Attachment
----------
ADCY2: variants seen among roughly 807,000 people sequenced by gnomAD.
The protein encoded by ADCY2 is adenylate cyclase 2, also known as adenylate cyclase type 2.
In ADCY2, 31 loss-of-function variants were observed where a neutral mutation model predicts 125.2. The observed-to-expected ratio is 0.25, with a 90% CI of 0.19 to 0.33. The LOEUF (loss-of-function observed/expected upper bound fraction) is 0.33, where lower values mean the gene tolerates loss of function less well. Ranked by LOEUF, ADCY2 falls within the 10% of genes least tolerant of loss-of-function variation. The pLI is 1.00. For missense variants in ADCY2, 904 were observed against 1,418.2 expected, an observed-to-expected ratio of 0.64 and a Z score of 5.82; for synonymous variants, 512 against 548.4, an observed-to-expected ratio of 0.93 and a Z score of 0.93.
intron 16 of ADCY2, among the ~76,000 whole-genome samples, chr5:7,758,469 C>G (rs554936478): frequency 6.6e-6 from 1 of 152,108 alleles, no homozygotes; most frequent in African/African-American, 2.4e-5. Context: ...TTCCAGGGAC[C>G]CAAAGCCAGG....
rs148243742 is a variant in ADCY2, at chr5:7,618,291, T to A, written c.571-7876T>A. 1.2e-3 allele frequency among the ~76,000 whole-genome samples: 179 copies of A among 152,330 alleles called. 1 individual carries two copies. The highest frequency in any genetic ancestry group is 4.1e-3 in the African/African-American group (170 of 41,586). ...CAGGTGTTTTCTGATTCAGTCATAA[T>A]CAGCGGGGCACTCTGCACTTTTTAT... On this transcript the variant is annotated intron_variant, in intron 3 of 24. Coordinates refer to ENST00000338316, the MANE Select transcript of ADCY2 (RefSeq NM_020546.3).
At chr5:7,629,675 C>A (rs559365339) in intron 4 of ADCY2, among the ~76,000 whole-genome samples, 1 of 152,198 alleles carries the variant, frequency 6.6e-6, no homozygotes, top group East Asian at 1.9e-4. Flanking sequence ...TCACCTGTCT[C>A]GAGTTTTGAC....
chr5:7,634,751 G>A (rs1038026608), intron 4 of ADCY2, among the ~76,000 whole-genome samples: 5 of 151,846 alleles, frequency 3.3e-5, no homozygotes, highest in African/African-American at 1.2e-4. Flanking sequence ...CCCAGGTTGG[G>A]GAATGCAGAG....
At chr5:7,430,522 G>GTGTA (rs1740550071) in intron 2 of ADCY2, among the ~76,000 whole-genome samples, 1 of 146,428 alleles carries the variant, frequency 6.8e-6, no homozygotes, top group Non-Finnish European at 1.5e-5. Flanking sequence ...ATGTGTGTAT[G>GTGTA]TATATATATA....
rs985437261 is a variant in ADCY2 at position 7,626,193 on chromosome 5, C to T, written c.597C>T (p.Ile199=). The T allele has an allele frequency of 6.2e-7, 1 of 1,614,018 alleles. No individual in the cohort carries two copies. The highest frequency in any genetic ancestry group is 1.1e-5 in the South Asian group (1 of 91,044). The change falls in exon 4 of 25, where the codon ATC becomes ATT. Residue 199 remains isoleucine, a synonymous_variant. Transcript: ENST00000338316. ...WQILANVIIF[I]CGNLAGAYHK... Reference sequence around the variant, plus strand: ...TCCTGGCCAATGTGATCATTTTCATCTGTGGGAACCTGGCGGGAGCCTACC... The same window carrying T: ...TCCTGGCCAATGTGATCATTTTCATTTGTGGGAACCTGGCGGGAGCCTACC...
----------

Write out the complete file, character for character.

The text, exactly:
ADCY2: variants seen among roughly 807,000 people sequenced by gnomAD.
The protein encoded by ADCY2 is adenylate cyclase 2, also known as adenylate cyclase type 2.
In ADCY2, 31 loss-of-function variants were observed where a neutral mutation model predicts 125.2. The observed-to-expected ratio is 0.25, with a 90% CI of 0.19 to 0.33. The LOEUF (loss-of-function observed/expected upper bound fraction) is 0.33, where lower values mean the gene tolerates loss of function less well. Ranked by LOEUF, ADCY2 falls within the 10% of genes least tolerant of loss-of-function variation. The pLI is 1.00. For missense variants in ADCY2, 904 were observed against 1,418.2 expected, an observed-to-expected ratio of 0.64 and a Z score of 5.82; for synonymous variants, 512 against 548.4, an observed-to-expected ratio of 0.93 and a Z score of 0.93.
intron 16 of ADCY2, among the ~76,000 whole-genome samples, chr5:7,758,469 C>G (rs554936478): frequency 6.6e-6 from 1 of 152,108 alleles, no homozygotes; most frequent in African/African-American, 2.4e-5. Context: ...TTCCAGGGAC[C>G]CAAAGCCAGG....
rs148243742 is a variant in ADCY2, at chr5:7,618,291, T to A, written c.571-7876T>A. 1.2e-3 allele frequency among the ~76,000 whole-genome samples: 179 copies of A among 152,330 alleles called. 1 individual carries two copies. The highest frequency in any genetic ancestry group is 4.1e-3 in the African/African-American group (170 of 41,586). ...CAGGTGTTTTCTGATTCAGTCATAA[T>A]CAGCGGGGCACTCTGCACTTTTTAT... On this transcript the variant is annotated intron_variant, in intron 3 of 24. Coordinates refer to ENST00000338316, the MANE Select transcript of ADCY2 (RefSeq NM_020546.3).
At chr5:7,629,675 C>A (rs559365339) in intron 4 of ADCY2, among the ~76,000 whole-genome samples, 1 of 152,198 alleles carries the variant, frequency 6.6e-6, no homozygotes, top group East Asian at 1.9e-4. Flanking sequence ...TCACCTGTCT[C>A]GAGTTTTGAC....
chr5:7,634,751 G>A (rs1038026608), intron 4 of ADCY2, among the ~76,000 whole-genome samples: 5 of 151,846 alleles, frequency 3.3e-5, no homozygotes, highest in African/African-American at 1.2e-4. Flanking sequence ...CCCAGGTTGG[G>A]GAATGCAGAG....
At chr5:7,430,522 G>GTGTA (rs1740550071) in intron 2 of ADCY2, among the ~76,000 whole-genome samples, 1 of 146,428 alleles carries the variant, frequency 6.8e-6, no homozygotes, top group Non-Finnish European at 1.5e-5. Flanking sequence ...ATGTGTGTAT[G>GTGTA]TATATATATA....
rs985437261 is a variant in ADCY2 at position 7,626,193 on chromosome 5, C to T, written c.597C>T (p.Ile199=). The T allele has an allele frequency of 6.2e-7, 1 of 1,614,018 alleles. No individual in the cohort carries two copies. The highest frequency in any genetic ancestry group is 1.1e-5 in the South Asian group (1 of 91,044). The change falls in exon 4 of 25, where the codon ATC becomes ATT. Residue 199 remains isoleucine, a synonymous_variant. Transcript: ENST00000338316. ...WQILANVIIF[I]CGNLAGAYHK... Reference sequence around the variant, plus strand: ...TCCTGGCCAATGTGATCATTTTCATCTGTGGGAACCTGGCGGGAGCCTACC... The same window carrying T: ...TCCTGGCCAATGTGATCATTTTCATTTGTGGGAACCTGGCGGGAGCCTACC...